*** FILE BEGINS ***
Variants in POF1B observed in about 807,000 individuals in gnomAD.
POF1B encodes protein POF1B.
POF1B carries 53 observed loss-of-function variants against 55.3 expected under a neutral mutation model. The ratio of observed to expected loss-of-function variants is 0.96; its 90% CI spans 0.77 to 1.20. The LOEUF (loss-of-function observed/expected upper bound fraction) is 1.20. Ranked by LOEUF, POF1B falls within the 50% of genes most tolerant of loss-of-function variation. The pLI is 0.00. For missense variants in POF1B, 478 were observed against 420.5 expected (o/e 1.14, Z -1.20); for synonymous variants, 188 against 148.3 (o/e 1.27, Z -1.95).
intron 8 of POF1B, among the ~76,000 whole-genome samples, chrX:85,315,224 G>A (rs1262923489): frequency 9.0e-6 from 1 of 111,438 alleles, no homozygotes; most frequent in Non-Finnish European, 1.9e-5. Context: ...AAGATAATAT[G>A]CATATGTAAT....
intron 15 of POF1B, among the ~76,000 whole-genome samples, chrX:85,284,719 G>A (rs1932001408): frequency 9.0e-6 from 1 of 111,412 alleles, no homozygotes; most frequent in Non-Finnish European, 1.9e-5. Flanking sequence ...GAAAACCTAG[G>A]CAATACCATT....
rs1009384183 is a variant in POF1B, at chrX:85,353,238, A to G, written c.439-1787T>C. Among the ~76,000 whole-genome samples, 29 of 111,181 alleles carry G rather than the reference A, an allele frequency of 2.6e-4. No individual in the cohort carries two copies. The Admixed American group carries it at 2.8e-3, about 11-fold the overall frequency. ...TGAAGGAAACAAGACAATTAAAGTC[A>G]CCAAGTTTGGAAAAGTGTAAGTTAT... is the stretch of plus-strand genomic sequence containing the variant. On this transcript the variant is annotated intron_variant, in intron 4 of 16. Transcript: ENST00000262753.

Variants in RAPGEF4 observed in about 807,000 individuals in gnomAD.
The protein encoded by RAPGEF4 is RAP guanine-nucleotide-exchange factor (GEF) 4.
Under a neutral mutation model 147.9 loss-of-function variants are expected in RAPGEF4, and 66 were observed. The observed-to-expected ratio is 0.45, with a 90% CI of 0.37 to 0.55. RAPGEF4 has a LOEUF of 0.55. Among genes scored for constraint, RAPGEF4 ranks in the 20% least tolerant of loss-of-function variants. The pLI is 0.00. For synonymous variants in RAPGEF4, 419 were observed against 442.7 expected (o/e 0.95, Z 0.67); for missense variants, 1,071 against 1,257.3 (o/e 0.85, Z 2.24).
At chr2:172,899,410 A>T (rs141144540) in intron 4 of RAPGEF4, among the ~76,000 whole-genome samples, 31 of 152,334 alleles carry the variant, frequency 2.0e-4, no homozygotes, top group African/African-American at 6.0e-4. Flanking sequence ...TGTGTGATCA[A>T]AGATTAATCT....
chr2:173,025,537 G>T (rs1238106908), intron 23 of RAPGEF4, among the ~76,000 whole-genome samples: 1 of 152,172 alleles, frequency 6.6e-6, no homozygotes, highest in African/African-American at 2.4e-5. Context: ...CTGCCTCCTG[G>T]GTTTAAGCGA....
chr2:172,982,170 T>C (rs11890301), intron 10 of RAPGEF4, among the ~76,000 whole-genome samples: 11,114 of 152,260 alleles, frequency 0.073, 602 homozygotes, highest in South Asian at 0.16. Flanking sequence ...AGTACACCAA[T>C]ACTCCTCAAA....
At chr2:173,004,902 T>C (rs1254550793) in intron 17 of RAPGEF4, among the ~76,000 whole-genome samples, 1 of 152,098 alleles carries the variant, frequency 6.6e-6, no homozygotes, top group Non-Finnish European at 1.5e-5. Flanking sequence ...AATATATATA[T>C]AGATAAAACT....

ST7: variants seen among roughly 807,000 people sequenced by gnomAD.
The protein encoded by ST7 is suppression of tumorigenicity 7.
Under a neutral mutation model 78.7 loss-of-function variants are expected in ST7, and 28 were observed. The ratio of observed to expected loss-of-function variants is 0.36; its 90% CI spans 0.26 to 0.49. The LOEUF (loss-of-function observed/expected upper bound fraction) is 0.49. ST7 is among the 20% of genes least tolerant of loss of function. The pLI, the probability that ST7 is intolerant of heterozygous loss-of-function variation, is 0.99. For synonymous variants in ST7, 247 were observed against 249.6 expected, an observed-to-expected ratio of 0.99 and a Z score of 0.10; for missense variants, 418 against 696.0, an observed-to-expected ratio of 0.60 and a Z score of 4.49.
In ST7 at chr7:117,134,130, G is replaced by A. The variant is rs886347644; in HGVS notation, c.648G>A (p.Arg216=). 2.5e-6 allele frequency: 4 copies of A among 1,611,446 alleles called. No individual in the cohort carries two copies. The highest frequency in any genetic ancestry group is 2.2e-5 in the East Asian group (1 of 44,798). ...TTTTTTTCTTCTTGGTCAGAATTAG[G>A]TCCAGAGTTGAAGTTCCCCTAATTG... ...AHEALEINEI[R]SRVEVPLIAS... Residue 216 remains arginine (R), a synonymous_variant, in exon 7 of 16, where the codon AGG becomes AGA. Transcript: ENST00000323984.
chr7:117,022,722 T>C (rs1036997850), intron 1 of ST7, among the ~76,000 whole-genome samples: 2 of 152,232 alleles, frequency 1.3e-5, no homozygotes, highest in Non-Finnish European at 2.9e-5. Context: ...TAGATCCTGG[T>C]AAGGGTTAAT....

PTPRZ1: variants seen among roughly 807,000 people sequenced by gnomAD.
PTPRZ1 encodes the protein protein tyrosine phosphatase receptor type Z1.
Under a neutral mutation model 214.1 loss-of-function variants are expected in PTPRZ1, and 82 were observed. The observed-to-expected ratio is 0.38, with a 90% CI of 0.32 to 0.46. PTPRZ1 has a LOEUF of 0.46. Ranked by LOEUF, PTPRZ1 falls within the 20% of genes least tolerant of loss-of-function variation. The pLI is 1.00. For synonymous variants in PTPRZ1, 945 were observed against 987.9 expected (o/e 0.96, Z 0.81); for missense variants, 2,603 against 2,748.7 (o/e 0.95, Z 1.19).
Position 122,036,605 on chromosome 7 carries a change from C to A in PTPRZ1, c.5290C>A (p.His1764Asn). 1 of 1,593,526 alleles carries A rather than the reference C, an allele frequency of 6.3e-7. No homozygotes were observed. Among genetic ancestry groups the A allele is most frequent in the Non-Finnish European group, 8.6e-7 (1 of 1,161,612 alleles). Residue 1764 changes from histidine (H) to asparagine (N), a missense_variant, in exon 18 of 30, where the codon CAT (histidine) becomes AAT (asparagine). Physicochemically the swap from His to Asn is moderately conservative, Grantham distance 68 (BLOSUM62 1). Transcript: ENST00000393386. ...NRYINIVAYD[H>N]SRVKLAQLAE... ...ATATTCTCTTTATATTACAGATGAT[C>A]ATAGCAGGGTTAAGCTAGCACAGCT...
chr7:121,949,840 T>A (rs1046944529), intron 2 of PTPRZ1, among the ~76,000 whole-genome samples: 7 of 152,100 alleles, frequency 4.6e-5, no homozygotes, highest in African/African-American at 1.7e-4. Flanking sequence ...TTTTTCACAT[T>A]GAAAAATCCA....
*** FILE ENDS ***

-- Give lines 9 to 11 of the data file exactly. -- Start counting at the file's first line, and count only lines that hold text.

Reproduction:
Under a neutral mutation model 147.9 loss-of-function variants are expected in RAPGEF4, and 66 were observed. The observed-to-expected ratio is 0.45, with a 90% CI of 0.37 to 0.55. RAPGEF4 has a LOEUF of 0.55. Among genes scored for constraint, RAPGEF4 ranks in the 20% least tolerant of loss-of-function variants. The pLI is 0.00. For synonymous variants in RAPGEF4, 419 were observed against 442.7 expected (o/e 0.95, Z 0.67); for missense variants, 1,071 against 1,257.3 (o/e 0.85, Z 2.24).
At chr2:172,899,410 A>T (rs141144540) in intron 4 of RAPGEF4, among the ~76,000 whole-genome samples, 31 of 152,334 alleles carry the variant, frequency 2.0e-4, no homozygotes, top group African/African-American at 6.0e-4. Flanking sequence ...TGTGTGATCA[A>T]AGATTAATCT....
chr2:173,025,537 G>T (rs1238106908), intron 23 of RAPGEF4, among the ~76,000 whole-genome samples: 1 of 152,172 alleles, frequency 6.6e-6, no homozygotes, highest in African/African-American at 2.4e-5. Context: ...CTGCCTCCTG[G>T]GTTTAAGCGA....